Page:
In some older versions of Persephone's story, she was a young woman, not a young girl, and instead of accidentally wandering away, she had gone deliberately adventuring, when she fell, or was lured, or was kidnapped into Hell. Here Persephone's adventurous spirit leads her into difficulty, instead of her being a passive victim of the wickedness of others. Her relationship with her mother gives her the courage to explore her world, and when events take a bad turn, their relationship gives her the strength to survive.

In a still older version, Persephone heard the despairing cries of the dead and chose freely to go into the Underworld to comfort them. Hades does not appear at all, in this version. Here Persephone's descent to hell illustrates inclusiveness for every being, whether in the Underworld or in our present one, and shows that mercy is integral to her nature.

In the most ancient layer of myth, Persephone's name means "She Who Destroys The Light." She was the powerful Goddess of the Underworld long before anyone knew of Hades. Like the Indian Kali, the Irish Morrigan, and the Sumerian Ereshkegal, she was the Goddess of Death.

This sounds alarming to modern ears, but many of the religions that existed before Christianity emphasised the importance of the balance between life and death, and to them, the Goddess of Death was as important as the Goddess of Life. In this way, Persephone was not only the daughter of the Goddess Demeter who created and sustained life, but also her partner in maintaining existence.

Her story in all its forms has clear parallels with the sacred cycles of birth, death and rebirth; and can be read as a metaphor for the cycle of seed grain, or any other vegetation. Not surprisingly, both Persephone and her mother were venerated as Goddesses of grain.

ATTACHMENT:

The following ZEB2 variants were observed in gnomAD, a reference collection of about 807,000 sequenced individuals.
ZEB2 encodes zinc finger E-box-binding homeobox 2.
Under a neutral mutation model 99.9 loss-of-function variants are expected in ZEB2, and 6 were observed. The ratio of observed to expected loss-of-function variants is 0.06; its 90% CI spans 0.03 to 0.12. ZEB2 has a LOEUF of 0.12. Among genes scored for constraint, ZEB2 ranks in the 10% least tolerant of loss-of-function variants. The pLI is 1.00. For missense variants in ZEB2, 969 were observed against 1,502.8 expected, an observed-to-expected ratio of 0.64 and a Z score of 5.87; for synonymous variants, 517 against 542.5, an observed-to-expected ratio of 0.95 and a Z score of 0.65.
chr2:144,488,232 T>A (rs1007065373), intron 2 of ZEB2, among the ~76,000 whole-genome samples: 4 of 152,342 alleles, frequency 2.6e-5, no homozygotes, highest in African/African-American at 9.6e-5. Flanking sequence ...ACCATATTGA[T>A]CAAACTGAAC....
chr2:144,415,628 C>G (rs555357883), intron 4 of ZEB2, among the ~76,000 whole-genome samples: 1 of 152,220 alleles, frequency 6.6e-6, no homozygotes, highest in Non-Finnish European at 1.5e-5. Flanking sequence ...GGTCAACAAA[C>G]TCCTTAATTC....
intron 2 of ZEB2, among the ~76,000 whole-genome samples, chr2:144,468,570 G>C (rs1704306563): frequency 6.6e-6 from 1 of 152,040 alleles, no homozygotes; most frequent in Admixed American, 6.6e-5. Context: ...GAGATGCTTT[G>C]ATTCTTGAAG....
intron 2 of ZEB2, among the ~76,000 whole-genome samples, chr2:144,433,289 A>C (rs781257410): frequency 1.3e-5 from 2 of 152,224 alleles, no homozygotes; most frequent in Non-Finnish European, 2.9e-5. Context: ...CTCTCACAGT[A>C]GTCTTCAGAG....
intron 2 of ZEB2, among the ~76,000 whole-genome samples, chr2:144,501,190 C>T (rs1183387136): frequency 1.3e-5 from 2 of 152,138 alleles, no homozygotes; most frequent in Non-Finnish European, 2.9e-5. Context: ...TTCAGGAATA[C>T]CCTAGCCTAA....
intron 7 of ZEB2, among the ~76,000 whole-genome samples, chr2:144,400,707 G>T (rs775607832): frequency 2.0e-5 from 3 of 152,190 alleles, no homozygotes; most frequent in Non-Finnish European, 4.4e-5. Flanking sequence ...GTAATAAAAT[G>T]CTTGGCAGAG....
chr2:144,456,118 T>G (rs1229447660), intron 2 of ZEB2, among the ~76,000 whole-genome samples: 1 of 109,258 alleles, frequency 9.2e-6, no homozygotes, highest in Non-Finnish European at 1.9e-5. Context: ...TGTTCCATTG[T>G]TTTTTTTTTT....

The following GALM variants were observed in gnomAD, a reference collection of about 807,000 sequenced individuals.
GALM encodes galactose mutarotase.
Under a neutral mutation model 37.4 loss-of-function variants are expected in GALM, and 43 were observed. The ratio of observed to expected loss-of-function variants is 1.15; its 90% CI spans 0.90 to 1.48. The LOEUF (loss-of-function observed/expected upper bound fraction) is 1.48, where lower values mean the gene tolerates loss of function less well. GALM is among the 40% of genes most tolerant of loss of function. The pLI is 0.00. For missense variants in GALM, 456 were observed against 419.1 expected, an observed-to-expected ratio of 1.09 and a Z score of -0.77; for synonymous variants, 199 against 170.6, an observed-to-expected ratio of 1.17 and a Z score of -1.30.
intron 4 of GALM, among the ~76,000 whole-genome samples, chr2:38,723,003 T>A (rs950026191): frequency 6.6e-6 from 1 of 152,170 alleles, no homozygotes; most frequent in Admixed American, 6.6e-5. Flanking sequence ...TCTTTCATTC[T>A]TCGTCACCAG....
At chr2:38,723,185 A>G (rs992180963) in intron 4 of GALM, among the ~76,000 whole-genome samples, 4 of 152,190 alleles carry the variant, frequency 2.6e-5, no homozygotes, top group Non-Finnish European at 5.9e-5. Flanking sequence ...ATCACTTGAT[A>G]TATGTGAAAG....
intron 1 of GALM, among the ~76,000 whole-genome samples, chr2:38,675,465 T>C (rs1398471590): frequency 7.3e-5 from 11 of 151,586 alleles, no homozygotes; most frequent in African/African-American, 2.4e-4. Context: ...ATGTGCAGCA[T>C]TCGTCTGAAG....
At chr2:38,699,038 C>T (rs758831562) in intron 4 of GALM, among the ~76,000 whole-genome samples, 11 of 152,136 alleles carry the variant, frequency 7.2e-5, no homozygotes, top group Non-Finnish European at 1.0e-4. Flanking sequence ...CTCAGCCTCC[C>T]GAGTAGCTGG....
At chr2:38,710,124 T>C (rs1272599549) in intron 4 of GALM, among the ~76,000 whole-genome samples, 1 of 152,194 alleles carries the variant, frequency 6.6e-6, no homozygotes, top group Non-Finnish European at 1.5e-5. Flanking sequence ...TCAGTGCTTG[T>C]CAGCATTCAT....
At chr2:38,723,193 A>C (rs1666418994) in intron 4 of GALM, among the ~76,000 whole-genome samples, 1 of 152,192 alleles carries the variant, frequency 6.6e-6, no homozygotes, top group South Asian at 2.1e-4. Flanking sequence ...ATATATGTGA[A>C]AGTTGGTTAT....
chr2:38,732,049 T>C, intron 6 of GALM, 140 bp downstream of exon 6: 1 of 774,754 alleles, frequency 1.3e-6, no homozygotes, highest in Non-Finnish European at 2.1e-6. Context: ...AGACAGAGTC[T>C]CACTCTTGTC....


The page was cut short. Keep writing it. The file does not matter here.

Although a lot of time has passed since the legend of Persephone was first told, some echoes of her myth remain. Pomegranates are still a symbol of the realm of the dead, even in Christian iconography.

Madonna of the Pomegranate by Botticelli

Some sources believe that a pomegranate, and not an apple, was the original fruit from the Tree of Knowledge of Good and Evil in Genesis. In this painting by Botticelli, Mary and her baby son Jesus are shown with a pomegranate, to remind the viewer that in Christian belief, when Jesus grows up and dies on the cross, he will by his sacrifice overcome death.

For those who worship the Goddess, however, by her many names and in her many forms, in essence, the dual Goddesses Persephone and Demeter represent the two sides of the coin of life and death, and the necessity of each to the other.

And that's why I love the Persephone myth, which, like all myths, is true, but only basically. Because it has drama and passion and that deep love at its center, true; because it reverences the cycles I live in and by, also true; because reading and re-reading it gave me my first experience of how a simple narrative can have as many layers of truth in it as a archaeological site has had histories, yes; but mainly because the essence of the myth shows me that no matter where I may be, no matter how deep or high I travel, how many miles far from home, I am in the presence of the sacred.

© Tehomet 2003